The symptoms of FAP and FAC are described in the table below.
In FAP, symptoms are usually first detected after age 30, but sometimes can occur as early as age 20 or as late as age 80.
Symptoms of FAC usually appear after age 50. If there are small TTR amyloid deposits in the heart, they may cause no symptoms at all. When the deposits are large, they can cause symptoms of heart disease like those described in the table below. Carpal tunnel syndrome (pain and tingling in the wrists and hands) often appears several years before heart disease. It may be caused by TTR amyloid deposits in the wrists.
|Organ affected by TTR amyloid deposits||Symptoms|
Nerve disease (neuropathy) affecting:
Heart disease (restrictive cardiomyopathy):
Amyloid deposits in the heart cause stiffening and thickening of the heart muscle, so the heart cannot pump the blood around the body as efficiently as usual.
Local symptoms related to the organ affected:
blurred vision, blindness, protein loss in the urine, kidney failure, goiter (thyroid swelling), etc.
More than 100 different TTR gene mutations have been reported in the medical literature. The disease spectrum is wide and different mutations have been associated with different disease courses resulting in considerable variability in the type and severity of symptoms. The same mutation can cause different clinical features in different families, and even within the same family. For example, some mutations cause mostly neuropathy, while others cause mostly heart disease, and others cause equal amounts of both. Some mutations seem to cause severe, early onset disease in all affected family members, while others cause quite mild, late onset disease.
In patients from Portugal and Japan with the Val30Met mutation (the most common FAP-causing mutation), symptoms of neuropathy usually appear after age 30, while patients from Sweden with the Val30Met mutation often develop neuropathy after age 50. Heart disease is less common with the Val30Met mutation than with other mutations. In contrast, patients with the Val122lle mutation typically present only with FAC and have little involvement of the peripheral nerves.
The Thr60Ala mutation is most common in people with Irish ancestry, and they usually develop both neuropathy and heart disease.
The presence of a TTR gene mutation known to cause TTR amyloidosis does not necessarily mean that symptoms will develop. There have been case reports of people over 60 years of age with two copies of the TTR gene mutation which produces the amyloidogenic Val30Met TTR protein but no symptoms of FAP.
FAP is one of many different diseases that can cause neuropathy, most of which are far more common than FAP. Doctors may suspect neuropathy on the basis of the patient’s complaints and on findings from physical examinations. Peripheral neuropathy may be confirmed with nerve function tests such as:
The following tests may sometimes be of use for investigation of suspected autonomic neuropathy, depending on the symptoms:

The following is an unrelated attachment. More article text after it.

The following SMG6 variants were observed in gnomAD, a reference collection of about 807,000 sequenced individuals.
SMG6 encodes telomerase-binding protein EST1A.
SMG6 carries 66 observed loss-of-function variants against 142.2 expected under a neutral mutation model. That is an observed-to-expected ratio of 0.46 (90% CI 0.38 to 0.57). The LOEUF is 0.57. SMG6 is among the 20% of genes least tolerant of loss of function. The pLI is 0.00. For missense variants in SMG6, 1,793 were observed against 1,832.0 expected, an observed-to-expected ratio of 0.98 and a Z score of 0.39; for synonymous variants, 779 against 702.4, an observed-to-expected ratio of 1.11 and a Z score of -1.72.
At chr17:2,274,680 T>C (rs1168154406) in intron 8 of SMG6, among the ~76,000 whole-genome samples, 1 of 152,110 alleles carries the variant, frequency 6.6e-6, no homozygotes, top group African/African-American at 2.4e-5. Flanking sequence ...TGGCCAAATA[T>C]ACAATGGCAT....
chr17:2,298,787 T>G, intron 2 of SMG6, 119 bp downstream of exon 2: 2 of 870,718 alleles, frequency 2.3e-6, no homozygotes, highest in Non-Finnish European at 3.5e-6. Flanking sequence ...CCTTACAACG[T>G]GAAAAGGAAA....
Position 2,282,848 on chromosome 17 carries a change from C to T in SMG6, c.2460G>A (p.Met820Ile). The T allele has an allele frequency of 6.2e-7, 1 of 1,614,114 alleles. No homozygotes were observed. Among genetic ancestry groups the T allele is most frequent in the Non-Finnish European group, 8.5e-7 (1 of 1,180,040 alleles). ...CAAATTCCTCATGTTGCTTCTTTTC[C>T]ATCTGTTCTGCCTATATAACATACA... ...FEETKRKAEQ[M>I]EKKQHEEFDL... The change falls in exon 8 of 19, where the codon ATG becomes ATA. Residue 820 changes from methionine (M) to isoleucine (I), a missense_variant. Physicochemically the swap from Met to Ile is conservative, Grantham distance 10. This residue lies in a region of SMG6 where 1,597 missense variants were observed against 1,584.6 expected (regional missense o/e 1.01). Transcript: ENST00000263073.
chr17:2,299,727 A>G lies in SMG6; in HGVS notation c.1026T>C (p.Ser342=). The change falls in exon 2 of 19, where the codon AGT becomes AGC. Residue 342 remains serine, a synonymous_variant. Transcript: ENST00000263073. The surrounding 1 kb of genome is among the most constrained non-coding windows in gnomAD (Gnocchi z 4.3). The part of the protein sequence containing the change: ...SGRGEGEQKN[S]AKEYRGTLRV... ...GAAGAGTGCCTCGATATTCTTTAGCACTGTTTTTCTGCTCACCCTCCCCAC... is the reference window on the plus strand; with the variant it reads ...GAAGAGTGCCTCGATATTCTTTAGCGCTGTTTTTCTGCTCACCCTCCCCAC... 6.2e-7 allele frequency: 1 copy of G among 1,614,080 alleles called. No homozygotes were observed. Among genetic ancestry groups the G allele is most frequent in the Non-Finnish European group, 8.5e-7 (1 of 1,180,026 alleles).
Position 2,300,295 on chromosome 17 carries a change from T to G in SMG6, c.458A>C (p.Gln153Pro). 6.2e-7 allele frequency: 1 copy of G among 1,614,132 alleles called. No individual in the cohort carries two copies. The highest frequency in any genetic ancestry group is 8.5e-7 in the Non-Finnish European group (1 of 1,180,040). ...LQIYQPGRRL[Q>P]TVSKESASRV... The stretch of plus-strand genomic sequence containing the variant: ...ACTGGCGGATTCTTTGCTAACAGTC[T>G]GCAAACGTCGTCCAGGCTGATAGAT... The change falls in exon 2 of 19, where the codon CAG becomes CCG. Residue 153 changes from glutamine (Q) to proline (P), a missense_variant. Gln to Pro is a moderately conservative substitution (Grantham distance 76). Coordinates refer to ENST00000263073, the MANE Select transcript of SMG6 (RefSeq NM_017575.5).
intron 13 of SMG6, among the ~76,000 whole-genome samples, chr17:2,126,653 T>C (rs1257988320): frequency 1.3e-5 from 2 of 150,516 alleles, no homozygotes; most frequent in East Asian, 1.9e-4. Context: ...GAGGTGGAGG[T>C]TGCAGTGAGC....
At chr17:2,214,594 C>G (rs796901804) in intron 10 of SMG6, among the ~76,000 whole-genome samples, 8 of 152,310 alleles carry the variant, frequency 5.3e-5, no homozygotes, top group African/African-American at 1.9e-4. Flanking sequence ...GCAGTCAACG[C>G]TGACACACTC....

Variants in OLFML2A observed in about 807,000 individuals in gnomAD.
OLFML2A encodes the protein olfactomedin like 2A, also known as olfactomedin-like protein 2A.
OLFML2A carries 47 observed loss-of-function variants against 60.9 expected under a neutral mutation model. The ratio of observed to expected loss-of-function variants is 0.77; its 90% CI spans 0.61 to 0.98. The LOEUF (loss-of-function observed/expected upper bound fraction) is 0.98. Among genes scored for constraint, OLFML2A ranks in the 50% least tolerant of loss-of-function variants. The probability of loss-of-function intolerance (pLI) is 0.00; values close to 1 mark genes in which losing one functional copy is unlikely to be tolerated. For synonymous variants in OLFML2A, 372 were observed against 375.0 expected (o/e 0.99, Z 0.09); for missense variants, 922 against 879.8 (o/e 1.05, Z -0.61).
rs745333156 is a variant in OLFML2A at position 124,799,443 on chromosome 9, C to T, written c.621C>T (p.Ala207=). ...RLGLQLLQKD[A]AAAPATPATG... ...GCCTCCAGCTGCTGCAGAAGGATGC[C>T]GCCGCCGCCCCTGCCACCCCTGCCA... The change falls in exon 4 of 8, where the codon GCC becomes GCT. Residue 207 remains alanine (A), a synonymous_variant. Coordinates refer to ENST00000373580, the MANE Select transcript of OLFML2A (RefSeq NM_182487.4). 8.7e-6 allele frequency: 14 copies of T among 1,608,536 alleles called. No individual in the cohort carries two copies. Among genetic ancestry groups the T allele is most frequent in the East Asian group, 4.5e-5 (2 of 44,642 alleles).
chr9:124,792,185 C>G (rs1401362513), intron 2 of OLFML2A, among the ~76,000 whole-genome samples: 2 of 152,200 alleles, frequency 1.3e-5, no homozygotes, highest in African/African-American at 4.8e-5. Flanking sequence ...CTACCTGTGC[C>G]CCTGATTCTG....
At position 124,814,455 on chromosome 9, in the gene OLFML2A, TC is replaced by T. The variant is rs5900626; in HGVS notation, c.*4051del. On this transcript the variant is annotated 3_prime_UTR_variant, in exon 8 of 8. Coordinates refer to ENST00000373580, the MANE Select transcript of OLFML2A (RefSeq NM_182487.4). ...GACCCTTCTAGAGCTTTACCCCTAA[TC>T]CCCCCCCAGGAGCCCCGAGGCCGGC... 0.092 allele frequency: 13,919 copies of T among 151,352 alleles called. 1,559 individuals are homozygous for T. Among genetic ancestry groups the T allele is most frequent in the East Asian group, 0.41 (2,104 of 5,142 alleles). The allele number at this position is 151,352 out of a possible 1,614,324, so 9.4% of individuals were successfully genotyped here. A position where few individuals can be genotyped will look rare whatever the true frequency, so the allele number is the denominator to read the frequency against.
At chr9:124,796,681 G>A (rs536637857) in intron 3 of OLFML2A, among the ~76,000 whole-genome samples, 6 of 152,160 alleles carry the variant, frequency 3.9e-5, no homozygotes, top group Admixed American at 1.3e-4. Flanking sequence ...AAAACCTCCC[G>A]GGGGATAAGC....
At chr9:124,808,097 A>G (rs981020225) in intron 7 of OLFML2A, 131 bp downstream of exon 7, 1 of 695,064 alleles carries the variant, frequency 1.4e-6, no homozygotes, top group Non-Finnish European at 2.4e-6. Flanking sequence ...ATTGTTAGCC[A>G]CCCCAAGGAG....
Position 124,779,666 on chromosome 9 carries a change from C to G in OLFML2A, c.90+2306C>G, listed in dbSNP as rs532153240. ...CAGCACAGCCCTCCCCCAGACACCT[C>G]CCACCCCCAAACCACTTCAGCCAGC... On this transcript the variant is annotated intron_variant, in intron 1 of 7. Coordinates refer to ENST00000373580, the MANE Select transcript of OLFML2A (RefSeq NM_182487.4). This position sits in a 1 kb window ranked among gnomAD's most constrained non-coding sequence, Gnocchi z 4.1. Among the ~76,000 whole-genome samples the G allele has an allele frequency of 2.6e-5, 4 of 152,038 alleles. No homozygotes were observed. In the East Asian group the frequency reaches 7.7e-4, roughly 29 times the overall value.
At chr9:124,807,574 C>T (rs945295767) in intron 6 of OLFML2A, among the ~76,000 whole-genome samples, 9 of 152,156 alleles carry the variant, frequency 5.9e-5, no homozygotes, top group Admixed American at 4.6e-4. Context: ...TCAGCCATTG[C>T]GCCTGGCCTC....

If these tests confirm neuropathy, doctors may suspect FAP if there is known family history of the condition. If there is no family history, features suspicious of FAP include: peripheral and autonomic neuropathy appearing together, carpal tunnel syndrome and neuropathy together with heart disease.
Tissue biopsy to detect TTR amyloid deposits is necessary to confirm or rule out FAP, with a sample taken from a nerve, or from abdominal fat, or the heart if there is heart disease.
Biopsy is the ‘gold standard’ test for diagnosing amyloidosis. This means that it is the best available test, and all other tests should be compared to it. To perform a biopsy, a needle is used to remove a small tissue sample from the body. The sample is then processed in the laboratory using special techniques for identifying amyloid fibrils and examined under a microscope.
Patients with all types of TTR amyloidosis may have amyloid deposits in the fat under the skin in the stomach area. Sampling of this fat is called an abdominal fat biopsy. The procedure is simple, quick, safe and relatively painless and may be easily performed in an outpatient clinic.
For performance of an abdominal fat biopsy, a doctor numbs a small area of the skin in the abdomen with local anesthetic then inserts a needle into the numb area to take out some fat tissue from underneath the skin.
The fat tissue is then preserved and sent to the laboratory for analysis.
Nerve biopsy may be helpful for diagnosing FAP in patients with symptoms of neuropathy. It is a minor procedure involving removal of a small nerve sample, for examination under the microscope to detect amyloid deposits. Nerve biopsy is usually taken from one of the following three nerves:
Any resulting loss of sensation from one of these nerves is minor with no risk of movement being affected.
Local anesthetic is used to numb the skin region where the biopsy is planned and the nerve is then exposed through a small cut to the skin. After taking a small sample the doctor stitches the wound closed.
The procedure is generally safe and painless. The patient can usually go home later the same day if the biopsy was taken from a nerve in the arm, but an overnight stay in hospital may be recommended if the sample was taken from the leg.